Grant: Okay, what brought you into this sector.

Lisa: I’ve actually been in cultural resource management prior to that at the state government here in Pohnpei. But when this opportunity was announced, it was really exciting to me and I talked to my husband, and we agreed that to take the risk and leave permanent employment at the state government to pursue this because it was exciting and important, and it was a privilege to help get it off the ground.

Grant: Okay, fantastic. But then you at some stage both decided, I mean, this is jumping forward quite a long time, I guess you both decided to become accredited to the GCF as an organisation. Can you tell us a little bit about that story? How did you go from the work that you were doing to identifying GCF, and going through that process of accreditation?

Willy: You know, we’ve always had to go through other accredited entities to access, you know, the grants from the multilateral donor agencies. And we were finding that, you know, they, it’s quite cumbersome to go through those other accredited entities. And, you know, we also felt that we built enough capacity within our organisation to try and become a direct access entity. And we also wanted to go through the process, really, to see where we are, and whether we would qualify, and to help us improve ourselves. So when we decided to go for accreditation, first to the adaptation fund, and then later on to the GCF, we actually said, If even if we don’t get accredited, it’ll still be quite a capacity building exercise to go through. And it wouldn’t hurt anyone, for us to spend the time to learn through the process. And at the same time to improve our own policies, because we had improved so much of our policies going through the process, that at the end, when we weren’t sure we were going to get accredited.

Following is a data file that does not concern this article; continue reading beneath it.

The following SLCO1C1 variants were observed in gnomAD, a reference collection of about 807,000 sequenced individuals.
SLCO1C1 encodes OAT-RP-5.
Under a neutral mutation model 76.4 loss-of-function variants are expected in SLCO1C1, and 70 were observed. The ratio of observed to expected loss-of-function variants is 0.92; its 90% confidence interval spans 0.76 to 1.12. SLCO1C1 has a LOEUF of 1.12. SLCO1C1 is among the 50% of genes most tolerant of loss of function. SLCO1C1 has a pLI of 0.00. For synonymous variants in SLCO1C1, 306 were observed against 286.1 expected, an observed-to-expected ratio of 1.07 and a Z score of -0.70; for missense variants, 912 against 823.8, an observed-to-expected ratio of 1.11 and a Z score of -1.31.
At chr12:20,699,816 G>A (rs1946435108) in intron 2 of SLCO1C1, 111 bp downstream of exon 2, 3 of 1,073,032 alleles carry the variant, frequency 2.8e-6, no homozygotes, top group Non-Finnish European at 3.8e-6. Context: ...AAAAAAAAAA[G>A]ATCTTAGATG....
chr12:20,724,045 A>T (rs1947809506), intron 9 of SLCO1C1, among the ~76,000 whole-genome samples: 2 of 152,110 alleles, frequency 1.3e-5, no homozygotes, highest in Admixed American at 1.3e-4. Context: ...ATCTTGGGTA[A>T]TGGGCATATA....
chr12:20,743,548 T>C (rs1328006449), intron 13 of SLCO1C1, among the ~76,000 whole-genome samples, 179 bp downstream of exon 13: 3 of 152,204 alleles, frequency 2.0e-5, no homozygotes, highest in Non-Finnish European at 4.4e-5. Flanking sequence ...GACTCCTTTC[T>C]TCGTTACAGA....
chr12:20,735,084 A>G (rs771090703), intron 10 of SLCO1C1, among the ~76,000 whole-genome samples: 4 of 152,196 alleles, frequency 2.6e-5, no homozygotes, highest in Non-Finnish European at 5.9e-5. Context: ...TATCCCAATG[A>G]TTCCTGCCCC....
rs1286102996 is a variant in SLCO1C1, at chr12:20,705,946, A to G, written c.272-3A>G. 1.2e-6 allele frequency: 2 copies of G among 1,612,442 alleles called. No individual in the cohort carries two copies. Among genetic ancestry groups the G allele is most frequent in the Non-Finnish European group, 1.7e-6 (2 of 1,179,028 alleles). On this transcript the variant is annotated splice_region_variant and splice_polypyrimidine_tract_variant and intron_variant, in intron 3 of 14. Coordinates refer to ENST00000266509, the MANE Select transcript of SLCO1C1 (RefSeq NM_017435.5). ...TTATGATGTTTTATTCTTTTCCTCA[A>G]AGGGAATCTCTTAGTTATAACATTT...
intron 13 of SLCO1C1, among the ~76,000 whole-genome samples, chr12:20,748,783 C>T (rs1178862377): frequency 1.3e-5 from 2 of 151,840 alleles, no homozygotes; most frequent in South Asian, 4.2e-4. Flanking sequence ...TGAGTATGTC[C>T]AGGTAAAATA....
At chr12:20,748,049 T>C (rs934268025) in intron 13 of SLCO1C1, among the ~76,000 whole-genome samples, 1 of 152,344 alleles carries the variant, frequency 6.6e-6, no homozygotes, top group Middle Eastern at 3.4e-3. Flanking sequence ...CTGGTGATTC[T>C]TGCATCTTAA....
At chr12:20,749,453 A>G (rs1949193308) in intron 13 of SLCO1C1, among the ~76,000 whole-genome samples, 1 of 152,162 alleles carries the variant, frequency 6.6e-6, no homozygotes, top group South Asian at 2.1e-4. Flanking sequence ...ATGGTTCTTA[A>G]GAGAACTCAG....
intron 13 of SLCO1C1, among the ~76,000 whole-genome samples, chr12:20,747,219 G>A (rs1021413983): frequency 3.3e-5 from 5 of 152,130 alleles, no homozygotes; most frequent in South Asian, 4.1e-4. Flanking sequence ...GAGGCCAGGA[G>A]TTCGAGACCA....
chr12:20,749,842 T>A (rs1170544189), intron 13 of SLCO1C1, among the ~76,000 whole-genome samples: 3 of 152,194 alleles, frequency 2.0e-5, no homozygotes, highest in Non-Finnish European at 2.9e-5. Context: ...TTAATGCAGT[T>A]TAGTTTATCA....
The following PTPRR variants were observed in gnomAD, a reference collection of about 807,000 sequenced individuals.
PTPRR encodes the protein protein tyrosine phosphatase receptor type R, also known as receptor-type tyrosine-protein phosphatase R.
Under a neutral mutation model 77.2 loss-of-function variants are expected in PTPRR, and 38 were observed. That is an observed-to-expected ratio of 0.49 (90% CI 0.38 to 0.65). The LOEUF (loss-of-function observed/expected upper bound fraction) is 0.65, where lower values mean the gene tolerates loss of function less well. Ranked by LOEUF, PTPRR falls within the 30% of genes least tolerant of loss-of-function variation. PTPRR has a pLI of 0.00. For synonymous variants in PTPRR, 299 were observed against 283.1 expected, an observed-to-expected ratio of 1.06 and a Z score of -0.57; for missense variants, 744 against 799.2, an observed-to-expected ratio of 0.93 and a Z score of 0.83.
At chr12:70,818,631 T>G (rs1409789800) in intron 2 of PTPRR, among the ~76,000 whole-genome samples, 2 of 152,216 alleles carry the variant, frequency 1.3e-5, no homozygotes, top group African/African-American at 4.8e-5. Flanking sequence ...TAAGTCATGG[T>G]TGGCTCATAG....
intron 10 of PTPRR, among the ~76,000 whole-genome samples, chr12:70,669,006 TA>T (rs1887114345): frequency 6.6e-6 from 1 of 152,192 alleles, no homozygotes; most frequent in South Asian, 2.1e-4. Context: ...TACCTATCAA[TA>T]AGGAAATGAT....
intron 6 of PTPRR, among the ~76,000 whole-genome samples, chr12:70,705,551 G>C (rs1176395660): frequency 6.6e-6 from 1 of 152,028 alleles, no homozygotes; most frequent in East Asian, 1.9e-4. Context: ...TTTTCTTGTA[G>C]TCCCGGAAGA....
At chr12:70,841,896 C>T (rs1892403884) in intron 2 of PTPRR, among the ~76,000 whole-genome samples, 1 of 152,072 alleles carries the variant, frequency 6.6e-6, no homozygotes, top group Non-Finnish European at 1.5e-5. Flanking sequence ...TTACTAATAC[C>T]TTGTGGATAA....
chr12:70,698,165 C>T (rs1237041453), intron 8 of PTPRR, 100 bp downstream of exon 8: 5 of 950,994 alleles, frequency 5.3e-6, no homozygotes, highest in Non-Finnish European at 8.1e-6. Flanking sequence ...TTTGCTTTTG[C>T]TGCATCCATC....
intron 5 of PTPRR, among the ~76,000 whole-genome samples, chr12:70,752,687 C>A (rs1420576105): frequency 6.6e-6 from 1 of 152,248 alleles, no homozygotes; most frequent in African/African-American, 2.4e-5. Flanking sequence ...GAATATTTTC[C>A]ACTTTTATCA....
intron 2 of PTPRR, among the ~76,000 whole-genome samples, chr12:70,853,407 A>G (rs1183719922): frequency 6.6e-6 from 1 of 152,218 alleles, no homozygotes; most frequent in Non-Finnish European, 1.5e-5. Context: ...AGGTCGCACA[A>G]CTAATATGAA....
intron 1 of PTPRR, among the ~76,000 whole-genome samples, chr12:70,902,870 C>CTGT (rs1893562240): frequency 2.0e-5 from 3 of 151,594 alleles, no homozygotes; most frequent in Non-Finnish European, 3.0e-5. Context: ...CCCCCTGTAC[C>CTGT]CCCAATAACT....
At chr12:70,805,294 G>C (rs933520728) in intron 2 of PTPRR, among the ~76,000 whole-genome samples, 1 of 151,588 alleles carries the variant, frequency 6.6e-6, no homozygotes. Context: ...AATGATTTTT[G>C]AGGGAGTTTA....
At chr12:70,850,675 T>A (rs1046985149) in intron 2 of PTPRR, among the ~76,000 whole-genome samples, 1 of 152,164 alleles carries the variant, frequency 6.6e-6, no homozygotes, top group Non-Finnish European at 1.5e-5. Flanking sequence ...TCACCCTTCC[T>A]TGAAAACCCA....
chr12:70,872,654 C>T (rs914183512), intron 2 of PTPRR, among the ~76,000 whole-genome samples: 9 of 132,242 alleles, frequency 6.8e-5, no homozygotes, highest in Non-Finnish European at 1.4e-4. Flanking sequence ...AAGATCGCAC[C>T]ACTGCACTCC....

When we look back, we said, wow, you know, if we hadn’t gone through this process, we would probably be still lacking in terms of our own policies, especially on environmental social policies and gender. And, and that’s where we really felt that just going through the process of accreditation, had improved our organisation considerably. And then so the accreditation itself was sort of a bonus. A nice ending to what we had decided to go and do. And now we are able to work with our governments directly, and access, and governments and communities, to develop these projects. And go directly to the agencies, I mean, to the donors, we were finding that a lot of times when we’re going through the other accredited entities, we spent a lot of time teaching them, you know, what needs to take place. And so you’re doing both the development of the proposals, as well as if you get people who are not familiar with your region, as well as a lot of time spent on explaining to them why certain things work and why certain things don’t work. And now, we don’t really have to do that because we know what works and what doesn’t work and we can just work with the stakeholders here, and lead the process of designing these projects that make sense for our region.